Human language has been a successful adaptation throughout evolutionary history because it has allowed information, knowledge and technology to be transmitted very accurately and efficiently between humans. The need to learn more and more complex tool making has possibly been an important selection factor for human language and the cognitive abilities it requires. For most of the history of our species, people have communicated through direct contact: starting with gestures, eye contact, and facial expressions.
Many anthropologists suggest that human language must have started with pointing, other gestures, and eye contact – how else would two or more people come to a mutual understanding of what they are communicating about (since they did not have this mutual understanding based on instincts)? Over time, sounds were probably used along with gestures (eg, “here,” “there,” “like this,” “no,” “yes”, “you”…), and finally, the sounds themselves became meaningful (e.g. in order to have hands free for other things, or if you could not see others).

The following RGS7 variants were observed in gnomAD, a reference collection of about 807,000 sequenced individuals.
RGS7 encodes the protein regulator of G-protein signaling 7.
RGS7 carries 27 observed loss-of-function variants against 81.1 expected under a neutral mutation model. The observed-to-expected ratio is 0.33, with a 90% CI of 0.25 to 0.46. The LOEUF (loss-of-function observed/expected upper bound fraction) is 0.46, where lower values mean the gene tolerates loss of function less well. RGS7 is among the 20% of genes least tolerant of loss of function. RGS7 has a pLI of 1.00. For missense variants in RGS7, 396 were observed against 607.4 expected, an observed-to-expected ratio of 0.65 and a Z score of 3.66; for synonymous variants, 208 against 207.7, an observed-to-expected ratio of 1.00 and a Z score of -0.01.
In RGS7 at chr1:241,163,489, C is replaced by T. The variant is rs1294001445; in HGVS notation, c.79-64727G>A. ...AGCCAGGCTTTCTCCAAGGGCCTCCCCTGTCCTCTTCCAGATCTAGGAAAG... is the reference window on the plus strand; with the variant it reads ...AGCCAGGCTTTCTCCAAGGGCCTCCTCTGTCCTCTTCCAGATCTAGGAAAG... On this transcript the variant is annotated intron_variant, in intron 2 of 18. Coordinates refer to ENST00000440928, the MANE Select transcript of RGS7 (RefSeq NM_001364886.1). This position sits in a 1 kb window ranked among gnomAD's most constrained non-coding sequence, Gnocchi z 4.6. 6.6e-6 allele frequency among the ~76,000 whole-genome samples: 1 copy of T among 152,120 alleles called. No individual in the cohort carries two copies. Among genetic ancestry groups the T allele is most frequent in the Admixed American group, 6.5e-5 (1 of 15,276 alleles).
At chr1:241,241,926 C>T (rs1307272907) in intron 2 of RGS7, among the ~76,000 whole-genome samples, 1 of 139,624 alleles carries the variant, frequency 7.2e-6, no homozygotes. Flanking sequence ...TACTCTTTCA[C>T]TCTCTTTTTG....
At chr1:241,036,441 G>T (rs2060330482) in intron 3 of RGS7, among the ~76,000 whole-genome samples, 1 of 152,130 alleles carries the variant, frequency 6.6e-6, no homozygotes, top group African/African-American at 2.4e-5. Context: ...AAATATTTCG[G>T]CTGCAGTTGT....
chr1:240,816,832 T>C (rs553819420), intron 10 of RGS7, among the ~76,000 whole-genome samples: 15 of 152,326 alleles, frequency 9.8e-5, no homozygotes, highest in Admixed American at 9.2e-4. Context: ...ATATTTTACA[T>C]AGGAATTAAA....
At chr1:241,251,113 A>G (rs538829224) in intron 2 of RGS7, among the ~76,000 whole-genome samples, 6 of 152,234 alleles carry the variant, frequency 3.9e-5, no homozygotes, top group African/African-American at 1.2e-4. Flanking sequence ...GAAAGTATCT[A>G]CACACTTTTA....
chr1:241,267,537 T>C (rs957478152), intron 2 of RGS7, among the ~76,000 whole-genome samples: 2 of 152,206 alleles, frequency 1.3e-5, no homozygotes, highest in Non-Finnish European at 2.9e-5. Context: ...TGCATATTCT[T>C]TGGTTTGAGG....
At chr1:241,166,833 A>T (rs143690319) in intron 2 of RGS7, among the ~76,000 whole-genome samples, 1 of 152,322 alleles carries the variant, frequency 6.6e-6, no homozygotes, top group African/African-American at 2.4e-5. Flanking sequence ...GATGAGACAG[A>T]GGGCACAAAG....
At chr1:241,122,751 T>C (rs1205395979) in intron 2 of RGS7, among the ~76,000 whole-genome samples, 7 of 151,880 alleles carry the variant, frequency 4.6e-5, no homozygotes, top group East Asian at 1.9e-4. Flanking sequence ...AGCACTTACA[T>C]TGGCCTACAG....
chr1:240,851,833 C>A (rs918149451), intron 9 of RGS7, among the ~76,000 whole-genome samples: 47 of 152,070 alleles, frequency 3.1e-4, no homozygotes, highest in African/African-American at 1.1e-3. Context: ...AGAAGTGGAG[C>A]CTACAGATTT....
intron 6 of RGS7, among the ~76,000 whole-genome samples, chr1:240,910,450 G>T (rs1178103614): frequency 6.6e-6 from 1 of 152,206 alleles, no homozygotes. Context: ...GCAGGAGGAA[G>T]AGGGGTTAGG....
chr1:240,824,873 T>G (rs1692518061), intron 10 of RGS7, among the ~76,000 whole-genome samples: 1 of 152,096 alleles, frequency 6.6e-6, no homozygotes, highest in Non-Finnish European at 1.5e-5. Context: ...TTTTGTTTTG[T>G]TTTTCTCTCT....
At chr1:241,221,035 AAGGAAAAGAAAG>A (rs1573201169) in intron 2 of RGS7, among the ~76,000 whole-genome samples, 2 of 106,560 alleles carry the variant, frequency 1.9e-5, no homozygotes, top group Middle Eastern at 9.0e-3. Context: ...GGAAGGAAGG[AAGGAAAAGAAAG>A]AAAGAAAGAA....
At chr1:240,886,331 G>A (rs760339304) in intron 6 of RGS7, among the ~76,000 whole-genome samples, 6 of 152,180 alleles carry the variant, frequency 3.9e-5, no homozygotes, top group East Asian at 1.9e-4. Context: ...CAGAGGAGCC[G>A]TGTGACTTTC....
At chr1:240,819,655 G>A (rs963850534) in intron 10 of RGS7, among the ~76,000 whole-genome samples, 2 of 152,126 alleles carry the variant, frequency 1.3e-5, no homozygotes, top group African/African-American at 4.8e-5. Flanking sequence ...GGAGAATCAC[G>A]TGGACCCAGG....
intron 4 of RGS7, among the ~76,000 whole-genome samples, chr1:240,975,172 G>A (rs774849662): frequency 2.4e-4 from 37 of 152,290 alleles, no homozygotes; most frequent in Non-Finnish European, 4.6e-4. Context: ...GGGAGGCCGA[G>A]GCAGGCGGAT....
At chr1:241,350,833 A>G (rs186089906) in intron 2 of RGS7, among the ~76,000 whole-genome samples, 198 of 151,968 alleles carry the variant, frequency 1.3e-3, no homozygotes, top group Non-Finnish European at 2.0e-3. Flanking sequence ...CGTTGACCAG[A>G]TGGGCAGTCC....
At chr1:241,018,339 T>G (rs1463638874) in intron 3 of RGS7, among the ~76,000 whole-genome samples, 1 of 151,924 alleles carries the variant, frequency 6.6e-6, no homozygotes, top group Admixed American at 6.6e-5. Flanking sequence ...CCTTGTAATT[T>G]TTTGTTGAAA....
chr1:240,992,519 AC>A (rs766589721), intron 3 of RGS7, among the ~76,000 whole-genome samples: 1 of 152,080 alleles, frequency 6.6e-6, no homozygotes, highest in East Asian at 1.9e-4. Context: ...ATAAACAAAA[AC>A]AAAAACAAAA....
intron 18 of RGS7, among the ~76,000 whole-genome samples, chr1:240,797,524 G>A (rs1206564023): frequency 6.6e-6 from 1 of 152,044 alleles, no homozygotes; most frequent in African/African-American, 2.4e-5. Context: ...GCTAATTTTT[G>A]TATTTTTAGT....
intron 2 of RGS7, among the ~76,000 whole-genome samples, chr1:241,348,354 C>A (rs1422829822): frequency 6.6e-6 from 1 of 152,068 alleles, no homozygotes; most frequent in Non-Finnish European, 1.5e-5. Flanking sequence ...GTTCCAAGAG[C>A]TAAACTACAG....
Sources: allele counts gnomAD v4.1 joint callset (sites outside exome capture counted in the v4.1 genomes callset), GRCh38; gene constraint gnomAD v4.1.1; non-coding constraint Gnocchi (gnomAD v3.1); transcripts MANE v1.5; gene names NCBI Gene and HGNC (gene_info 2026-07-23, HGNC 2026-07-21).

Only relatively recently have people in different regions begun to record language and meaning, first through cave paintings some 30,000 years ago, then through the use of writing some 5,000 years ago. Important texts were handwritten, and few people had access to them. In the 11th – 14th centuries, the first printed books appeared in Asia. With the invention of printing in 1440 in Germany, the distribution of printed books in Europe increased rapidly. The first daily newspaper of the world appeared in 1650 in Leipzig, Germany – in the history of our species practically only “yesterday”! Today, information can be communicated through the Internet across the globe within seconds. Within 20 years, half of the world’s population has gained access to the Internet.
What impact will these developments in communication have on the future evolution of our species?
How will we communicate and exchange information in the future?